Letters to the editor, September 2017
This article was originally published in September 2017
The Dirty Dozen?
For many years I looked forward to you printing the list of produce that has high levels of pesticide residues (“Dirty Dozen”) and produce that has minimal levels (“Clean 15”).
The last time I recall you printing this, there was a note that there was quite a lot of pushback from conventional growers, resisting the printing of this list. Since then, unless I missed an issue (and I have subscribed for 30 years or so), I have not seen this list printed.
I searched the internet and did find the most recent lists. I request that you place them in your publication without fail — many shoppers depend on these lists to make best use of tight budgets.
— E. Sun
PCC replies: We’re glad you easily found the latest Dirty Dozen list online. The main reason we don’t print it — or the Clean 15 list — is that we consider many environmental and social impacts of pesticides that go well beyond individual intake by consumers. We emphasize organic for carbon sequestration and much healthier soils, cleaner water, healthier marine life and pollinators, and healthier farmers and farmworkers for future generations. We sell hardly any non-organic produce because of the increased environmental and social impacts.
You’re right that non-organic interests have demanded for years that the Environmental Working Group (EWG) stop publishing the lists. The lists are based on EWG’s analysis of sample testing by the Department of Agriculture. This year, the Dirty Dozen includes strawberries, spinach, nectarines, apples, peaches, celery, grapes, pears, cherries, tomatoes, sweet bell peppers and potatoes. Each of these foods tested positive for a number of different pesticide residues and contained higher concentrations than other produce.
Grilling and chilling
“Grilling and chilling: The surprising benefits of cooking food over fire” (June Sound Consumer) — about grilling foods and fortifying mushrooms in the sun and what the grill char lines are — is an amazing and informative article!
I am a medical student who just beat stage-3 cancer and PCC is a big help with my ongoing quest for health. Even with all my years of education, I still learn so much from you! Thank you!
I am a longtime PCC member and shop at View Ridge and I have a few questions. I’ve been making kefir with the granules I purchase at PCC. I use ultra-pasteurized 1% milk. Although I bring it to a boil, I wonder if doing so is necessary since it’s ultra-pasteurized.
Also, recently I read that ultra-pasteurized milk should not be used for kefir and that whole milk — not reduced-fat milk — should be used. What are your recommendations?
I’ve been using reduced fat milk because I have high cholesterol. Thank you for your help. Keep up the good work!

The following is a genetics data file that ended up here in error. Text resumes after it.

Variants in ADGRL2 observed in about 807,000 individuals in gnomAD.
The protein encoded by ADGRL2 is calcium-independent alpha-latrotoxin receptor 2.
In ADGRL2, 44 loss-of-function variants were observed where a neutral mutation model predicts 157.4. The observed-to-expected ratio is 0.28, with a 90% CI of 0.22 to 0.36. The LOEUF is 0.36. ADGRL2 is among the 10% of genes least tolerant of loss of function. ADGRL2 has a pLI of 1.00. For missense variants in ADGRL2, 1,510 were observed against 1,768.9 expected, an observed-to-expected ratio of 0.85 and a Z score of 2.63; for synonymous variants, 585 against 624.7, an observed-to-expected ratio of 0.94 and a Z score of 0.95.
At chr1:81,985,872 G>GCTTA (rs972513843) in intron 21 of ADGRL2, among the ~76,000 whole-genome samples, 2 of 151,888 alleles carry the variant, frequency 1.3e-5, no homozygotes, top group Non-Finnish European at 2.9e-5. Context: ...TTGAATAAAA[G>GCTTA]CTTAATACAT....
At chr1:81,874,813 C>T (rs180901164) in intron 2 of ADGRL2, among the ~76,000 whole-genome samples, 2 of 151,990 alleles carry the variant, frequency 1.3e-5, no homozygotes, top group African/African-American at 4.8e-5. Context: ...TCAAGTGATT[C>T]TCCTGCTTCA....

PCC replies: The Omega Nutrition brand of kefir granules sold at PCC recommends boiling milk prior to making kefir for a thicker texture and also for food safety. Boiling helps create a thicker consistency by evaporating some of the water from the milk and by denaturing proteins to facilitate the thickening process. Kefir-making utilizes bacteria and yeasts, so the boiling step also ensures you kill pathogenic bacteria that might contaminate the process.
The Omega Nutrition kefir grains should enable you to make kefir from any type of pasteurized milk. It also should work with milk that isn’t boiled, as well as coconut, soy, hemp or rice milk alternatives.
There are many different opinions on what type of milk is best for people with high cholesterol. The American Heart Association advocates reduced fat (or skim) dairy products because more saturated fat in whole milk means our bodies will produce more “bad” LDL cholesterol. Some consumers, however, choose whole milk products, in part because whole milk is more satiating and they’re satisfied with a smaller serving.
Labeling added sugar
With recommendations from the American Heart Association to limit added sugar to 6 to 9 grams a day, and more information pointing to added sugars as the cause of the diabetes epidemic, I would like to encourage PCC to start publishing the added sugars (in grams) in deli items so consumers can begin to make informed choices about sugar intake.
I recently attended a medical metabolic summit at Swedish Hospital where international experts, including Dr. Lustig, explained how added sugar causes fatty liver disease, then metabolic syndrome, and eventually diabetes because those sugars are not attached to fiber and therefore are absorbed through the walls of the lower intestine where the sugar molecule cleaves into fructose and glucose. The liver is the only organ that can process fructose, becomes easily overwhelmed, and turns that fructose into fat, specifically visceral fat and fatty liver.